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Why a text alert might have helped California keep the lights on

Why a text alert might have helped California keep the lights on

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The power grid has been under immense pressure

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The sun shines behind electrical power lines.
The sun shines behind electrical power lines during a heatwave in Hawthorne, California, on September 6th, 2022.
Photo by PATRICK T. FALLON / AFP via Getty Images

Officials say an emergency cell phone alert played a crucial role yesterday in helping California avoid rolling blackouts during an extreme heatwave. Residents apparently jumped into action within minutes of receiving a text that urged them to save energy.

A remarkably severe and long-lasting heatwave has put increasing pressure on the state’s power grid since last week. Record-smashing temperatures in the triple digits have sent power demand for air conditioning soaring.

By Tuesday, demand hit an all-time high for the Golden State at 52,061 megawatts, according to grid manager California Independent System Operator (CAISO). CAISO issued a level 3 Energy Emergency Alert, its highest alert, at 5:17PMET that night. It signaled that rotating power outages could be imminent with energy supplies so thinly stretched.

Demand hit an all-time high

Soon after, at 5:45PM, the Governor’s Office of Emergency Services (Cal OES) says it issued the cell phone alert. “Conserve energy now to protect public health and safety. Extreme heat is straining the state energy grid. Power interruptions may occur unless you take action. Turn off or reduce nonessential power if health allows, now until 9pm,” the text read. The message was also sent in Spanish.

Within minutes of the alert going out, there was a steep drop in power demand. Between 5:50 and 5:55, it fell by about 1,200 megawatts.

“Thank you, California!”

To be sure, CAISO data shows that demand had started to dip earlier in the night — around the time it declared that level 3 alert. But it started to fall more dramatically after the cell phone alert reached folks.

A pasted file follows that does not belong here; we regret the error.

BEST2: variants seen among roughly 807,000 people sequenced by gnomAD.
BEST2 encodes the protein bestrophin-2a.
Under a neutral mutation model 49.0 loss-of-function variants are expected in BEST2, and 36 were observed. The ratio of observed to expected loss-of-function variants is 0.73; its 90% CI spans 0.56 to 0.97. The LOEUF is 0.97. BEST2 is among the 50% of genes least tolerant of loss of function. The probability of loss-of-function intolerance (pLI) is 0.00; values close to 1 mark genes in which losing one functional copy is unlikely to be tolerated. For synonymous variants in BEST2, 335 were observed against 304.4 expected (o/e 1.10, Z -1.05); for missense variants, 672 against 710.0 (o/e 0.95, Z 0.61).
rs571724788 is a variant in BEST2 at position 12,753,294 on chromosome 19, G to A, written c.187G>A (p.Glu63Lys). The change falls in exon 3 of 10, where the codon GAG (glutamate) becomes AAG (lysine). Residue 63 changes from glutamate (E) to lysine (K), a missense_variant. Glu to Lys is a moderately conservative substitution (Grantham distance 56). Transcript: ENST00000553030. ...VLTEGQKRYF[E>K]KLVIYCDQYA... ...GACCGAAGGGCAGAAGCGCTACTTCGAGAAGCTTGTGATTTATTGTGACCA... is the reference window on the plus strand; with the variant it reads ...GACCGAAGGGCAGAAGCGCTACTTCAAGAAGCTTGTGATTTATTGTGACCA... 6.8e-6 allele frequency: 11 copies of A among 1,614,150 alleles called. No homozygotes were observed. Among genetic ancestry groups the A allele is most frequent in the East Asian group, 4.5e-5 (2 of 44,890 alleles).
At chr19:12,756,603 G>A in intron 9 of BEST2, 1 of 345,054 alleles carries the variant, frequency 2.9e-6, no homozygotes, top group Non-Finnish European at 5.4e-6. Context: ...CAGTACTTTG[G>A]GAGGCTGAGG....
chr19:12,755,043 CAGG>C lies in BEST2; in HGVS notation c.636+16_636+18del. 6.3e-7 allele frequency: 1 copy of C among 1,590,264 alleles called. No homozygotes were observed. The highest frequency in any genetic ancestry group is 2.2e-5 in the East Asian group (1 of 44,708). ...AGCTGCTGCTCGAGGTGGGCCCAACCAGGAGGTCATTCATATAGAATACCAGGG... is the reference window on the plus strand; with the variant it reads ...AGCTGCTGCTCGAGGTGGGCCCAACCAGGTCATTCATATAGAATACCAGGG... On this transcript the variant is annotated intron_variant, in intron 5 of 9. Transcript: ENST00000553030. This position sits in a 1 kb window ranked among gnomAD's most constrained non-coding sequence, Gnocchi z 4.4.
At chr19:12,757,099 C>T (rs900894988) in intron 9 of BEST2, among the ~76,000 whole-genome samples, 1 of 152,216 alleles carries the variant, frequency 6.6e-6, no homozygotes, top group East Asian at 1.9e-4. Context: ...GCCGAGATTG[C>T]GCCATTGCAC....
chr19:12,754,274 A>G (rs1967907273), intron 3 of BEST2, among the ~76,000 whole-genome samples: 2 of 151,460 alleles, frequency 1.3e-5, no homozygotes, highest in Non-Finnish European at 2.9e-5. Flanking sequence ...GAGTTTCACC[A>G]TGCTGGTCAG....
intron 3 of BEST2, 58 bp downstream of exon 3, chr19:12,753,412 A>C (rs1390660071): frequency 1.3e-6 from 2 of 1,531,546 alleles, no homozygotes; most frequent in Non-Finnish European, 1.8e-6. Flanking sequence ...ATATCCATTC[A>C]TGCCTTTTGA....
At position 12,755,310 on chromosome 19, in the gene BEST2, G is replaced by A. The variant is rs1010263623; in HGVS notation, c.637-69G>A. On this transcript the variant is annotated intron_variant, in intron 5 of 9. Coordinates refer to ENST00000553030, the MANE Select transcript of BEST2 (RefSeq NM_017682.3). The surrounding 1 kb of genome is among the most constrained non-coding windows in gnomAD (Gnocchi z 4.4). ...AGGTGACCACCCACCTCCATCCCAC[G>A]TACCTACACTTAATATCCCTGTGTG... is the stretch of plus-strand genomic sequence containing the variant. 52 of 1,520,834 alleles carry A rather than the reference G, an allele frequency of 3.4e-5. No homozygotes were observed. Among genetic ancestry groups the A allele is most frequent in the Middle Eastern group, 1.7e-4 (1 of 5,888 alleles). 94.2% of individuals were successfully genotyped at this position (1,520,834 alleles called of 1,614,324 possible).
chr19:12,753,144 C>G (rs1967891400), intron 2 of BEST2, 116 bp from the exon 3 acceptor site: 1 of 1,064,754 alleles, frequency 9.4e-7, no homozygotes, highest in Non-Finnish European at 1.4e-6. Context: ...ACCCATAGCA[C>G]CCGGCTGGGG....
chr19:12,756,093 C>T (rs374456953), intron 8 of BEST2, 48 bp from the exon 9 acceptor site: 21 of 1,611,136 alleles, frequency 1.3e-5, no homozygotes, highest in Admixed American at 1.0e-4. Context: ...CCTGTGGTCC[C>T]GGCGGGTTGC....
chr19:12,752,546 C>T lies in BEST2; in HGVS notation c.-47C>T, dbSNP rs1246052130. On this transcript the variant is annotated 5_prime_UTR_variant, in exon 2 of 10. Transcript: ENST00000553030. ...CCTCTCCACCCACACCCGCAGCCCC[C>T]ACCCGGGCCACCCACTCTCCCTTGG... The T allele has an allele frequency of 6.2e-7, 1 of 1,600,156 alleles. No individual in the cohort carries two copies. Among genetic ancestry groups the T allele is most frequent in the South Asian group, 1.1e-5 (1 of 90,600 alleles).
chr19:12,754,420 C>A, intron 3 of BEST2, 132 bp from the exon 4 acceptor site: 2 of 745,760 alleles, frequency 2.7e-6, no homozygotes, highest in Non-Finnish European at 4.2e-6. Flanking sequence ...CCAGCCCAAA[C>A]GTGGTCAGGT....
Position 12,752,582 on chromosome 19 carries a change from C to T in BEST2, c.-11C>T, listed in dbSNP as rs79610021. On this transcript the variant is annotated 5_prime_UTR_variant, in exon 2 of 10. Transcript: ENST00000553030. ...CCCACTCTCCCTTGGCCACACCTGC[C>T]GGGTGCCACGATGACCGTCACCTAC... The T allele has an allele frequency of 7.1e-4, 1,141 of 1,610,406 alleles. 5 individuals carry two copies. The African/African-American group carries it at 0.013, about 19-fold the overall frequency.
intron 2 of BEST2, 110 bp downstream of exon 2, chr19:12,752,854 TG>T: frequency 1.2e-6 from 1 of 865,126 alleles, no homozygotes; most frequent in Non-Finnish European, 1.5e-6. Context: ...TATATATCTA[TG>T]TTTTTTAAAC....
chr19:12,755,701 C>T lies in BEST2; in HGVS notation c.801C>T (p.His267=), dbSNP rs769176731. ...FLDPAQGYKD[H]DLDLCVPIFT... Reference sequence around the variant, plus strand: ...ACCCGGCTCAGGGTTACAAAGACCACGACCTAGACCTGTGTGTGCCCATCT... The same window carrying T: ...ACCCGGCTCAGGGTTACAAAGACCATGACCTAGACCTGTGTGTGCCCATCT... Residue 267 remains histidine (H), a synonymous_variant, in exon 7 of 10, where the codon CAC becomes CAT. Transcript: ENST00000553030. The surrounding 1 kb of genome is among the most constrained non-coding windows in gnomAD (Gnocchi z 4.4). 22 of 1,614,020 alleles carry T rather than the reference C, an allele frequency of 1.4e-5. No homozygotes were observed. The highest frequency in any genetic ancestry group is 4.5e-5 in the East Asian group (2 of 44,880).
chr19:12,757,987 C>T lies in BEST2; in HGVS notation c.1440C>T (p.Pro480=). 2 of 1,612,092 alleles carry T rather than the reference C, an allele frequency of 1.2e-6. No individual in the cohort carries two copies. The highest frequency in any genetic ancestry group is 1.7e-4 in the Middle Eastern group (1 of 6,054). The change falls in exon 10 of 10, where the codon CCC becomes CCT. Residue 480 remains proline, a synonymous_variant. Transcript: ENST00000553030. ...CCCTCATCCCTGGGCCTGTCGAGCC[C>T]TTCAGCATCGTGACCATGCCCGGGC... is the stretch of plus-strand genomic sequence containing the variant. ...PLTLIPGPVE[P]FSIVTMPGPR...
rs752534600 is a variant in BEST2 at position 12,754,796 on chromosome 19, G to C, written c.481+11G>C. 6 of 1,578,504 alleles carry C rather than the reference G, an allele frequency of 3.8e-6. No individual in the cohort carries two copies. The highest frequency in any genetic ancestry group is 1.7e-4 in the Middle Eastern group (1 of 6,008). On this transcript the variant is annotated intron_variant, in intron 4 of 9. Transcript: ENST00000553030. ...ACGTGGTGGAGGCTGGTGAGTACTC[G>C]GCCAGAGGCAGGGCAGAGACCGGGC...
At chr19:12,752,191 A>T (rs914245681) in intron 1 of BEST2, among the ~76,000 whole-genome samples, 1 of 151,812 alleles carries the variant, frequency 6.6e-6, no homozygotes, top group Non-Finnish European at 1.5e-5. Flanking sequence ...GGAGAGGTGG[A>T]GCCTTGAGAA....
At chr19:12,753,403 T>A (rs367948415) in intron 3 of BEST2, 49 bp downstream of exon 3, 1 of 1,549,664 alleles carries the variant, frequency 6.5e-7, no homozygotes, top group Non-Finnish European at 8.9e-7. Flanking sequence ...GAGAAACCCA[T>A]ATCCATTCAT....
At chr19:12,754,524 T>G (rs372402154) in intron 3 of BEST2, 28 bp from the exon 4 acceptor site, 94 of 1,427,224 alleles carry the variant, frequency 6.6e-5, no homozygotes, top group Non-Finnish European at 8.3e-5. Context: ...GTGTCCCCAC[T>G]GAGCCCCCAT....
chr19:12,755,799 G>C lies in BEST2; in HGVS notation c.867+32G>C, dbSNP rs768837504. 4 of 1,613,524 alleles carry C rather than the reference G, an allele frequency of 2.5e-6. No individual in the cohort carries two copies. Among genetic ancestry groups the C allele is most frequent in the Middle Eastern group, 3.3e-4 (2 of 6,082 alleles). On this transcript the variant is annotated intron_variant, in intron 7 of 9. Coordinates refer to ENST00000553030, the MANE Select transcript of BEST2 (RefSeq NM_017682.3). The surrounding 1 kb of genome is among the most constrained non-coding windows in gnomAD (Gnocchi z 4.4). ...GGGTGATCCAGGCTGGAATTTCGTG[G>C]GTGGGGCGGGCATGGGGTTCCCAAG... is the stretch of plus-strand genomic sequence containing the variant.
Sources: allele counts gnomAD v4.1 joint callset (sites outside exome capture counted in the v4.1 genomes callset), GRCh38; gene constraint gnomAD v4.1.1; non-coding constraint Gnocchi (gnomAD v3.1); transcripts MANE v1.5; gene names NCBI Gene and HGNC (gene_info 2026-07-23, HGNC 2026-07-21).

By 8PM, CAISO declared the severe level 3 Energy Emergency Alert over. “Consumer conservation played a big part in protecting electric grid reliability. Thank you, California!” it tweeted.

The Governor’s Office was quick to tout the text messages as a success. “As a result of this action, the California Independent System Operation (CaISO) saw an immediate and significant drop in energy use, providing some relief to the state’s grid,” Cal OES said in a press release yesterday.

The state managed to narrowly avoid widespread rolling blackouts. But tens of thousands of customers, mostly in Northern California, still lost power at some point yesterday. Today, Californians are in their eighth consecutive day under a flex alert that asks them to voluntarily curb their energy use from 4-9PM when power demand typically peaks.

Yesterday wasn’t the first time emergency text alerts have helped officials relieve pressure on its power grid. New York City saw something similar in June 2021. Local officials there sent out a similar text to residents asking them to conserve energy during a brutal heatwave, and power demand soon dropped.

California’s text messages were part of a nationwide system of “Wireless Emergency Alerts.” Those alerts might be sent by federal, state, or local officials to warn of national emergencies, natural disasters, or amber alerts for missing children.